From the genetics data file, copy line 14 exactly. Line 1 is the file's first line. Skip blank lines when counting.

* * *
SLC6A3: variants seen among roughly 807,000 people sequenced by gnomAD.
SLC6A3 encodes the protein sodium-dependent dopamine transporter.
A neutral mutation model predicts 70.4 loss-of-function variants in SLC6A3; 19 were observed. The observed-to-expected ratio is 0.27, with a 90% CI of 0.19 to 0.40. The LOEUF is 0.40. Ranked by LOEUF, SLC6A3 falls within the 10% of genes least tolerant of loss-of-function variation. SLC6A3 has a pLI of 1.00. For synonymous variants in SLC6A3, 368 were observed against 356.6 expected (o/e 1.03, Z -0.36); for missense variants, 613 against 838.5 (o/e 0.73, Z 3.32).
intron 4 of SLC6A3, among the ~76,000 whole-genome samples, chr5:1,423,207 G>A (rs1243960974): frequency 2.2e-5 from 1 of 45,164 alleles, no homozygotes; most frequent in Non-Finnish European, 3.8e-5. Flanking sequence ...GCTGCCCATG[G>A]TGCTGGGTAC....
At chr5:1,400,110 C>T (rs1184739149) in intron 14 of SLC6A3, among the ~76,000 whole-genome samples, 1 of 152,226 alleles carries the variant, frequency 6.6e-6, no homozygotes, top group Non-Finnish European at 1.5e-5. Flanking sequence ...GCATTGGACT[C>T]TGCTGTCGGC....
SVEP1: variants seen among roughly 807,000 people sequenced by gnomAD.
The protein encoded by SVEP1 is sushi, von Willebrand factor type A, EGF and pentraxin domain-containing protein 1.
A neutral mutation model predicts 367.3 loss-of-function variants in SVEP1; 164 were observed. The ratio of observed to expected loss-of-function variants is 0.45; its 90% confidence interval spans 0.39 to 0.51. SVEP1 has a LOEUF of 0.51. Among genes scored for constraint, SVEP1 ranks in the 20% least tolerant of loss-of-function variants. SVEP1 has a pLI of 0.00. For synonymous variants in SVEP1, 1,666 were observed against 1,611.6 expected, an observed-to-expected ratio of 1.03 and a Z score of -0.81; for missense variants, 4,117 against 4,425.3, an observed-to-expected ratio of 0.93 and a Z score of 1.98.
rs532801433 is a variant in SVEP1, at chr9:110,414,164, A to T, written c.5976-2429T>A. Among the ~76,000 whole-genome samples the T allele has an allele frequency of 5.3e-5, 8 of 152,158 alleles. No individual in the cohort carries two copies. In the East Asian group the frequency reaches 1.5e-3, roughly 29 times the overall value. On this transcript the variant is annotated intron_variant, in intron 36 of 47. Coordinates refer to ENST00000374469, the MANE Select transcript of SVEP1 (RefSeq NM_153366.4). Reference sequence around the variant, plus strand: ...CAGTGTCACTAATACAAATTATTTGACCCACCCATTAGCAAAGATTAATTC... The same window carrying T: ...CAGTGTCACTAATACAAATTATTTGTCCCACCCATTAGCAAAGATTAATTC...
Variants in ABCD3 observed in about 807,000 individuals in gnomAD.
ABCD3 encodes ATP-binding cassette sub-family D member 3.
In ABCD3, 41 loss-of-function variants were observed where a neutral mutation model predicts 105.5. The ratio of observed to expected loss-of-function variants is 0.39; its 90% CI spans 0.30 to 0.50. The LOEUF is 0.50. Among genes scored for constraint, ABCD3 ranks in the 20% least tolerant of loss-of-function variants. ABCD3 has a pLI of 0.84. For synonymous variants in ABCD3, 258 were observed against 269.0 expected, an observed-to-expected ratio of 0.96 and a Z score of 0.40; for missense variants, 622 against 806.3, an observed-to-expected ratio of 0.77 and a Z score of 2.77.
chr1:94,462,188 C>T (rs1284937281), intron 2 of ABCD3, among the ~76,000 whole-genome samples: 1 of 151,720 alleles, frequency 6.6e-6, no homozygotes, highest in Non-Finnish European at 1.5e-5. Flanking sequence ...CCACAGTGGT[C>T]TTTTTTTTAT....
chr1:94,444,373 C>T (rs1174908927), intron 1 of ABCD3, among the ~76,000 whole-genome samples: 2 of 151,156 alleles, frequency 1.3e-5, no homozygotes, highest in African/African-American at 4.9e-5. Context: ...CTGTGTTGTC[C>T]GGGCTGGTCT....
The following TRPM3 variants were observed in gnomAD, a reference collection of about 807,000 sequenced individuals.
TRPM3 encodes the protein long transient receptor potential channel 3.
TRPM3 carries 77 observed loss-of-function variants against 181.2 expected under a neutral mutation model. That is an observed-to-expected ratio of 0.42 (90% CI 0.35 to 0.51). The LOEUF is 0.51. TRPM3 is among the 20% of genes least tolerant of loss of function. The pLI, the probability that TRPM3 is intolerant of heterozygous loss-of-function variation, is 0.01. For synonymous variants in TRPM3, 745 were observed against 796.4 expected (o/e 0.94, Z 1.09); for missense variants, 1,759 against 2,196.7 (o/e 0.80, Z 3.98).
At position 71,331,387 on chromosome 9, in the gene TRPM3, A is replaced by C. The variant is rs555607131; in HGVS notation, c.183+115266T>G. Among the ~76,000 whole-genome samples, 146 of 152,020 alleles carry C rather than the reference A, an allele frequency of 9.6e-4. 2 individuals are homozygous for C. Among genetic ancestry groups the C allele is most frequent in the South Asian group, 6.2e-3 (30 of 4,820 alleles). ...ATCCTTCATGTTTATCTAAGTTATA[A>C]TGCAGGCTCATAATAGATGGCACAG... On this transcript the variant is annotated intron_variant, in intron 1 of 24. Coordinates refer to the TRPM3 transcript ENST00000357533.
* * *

chr1:94,444,373 C>T (rs1174908927), intron 1 of ABCD3, among the ~76,000 whole-genome samples: 2 of 151,156 alleles, frequency 1.3e-5, no homozygotes, highest in African/African-American at 4.9e-5. Context: ...CTGTGTTGTC[C>T]GGGCTGGTCT....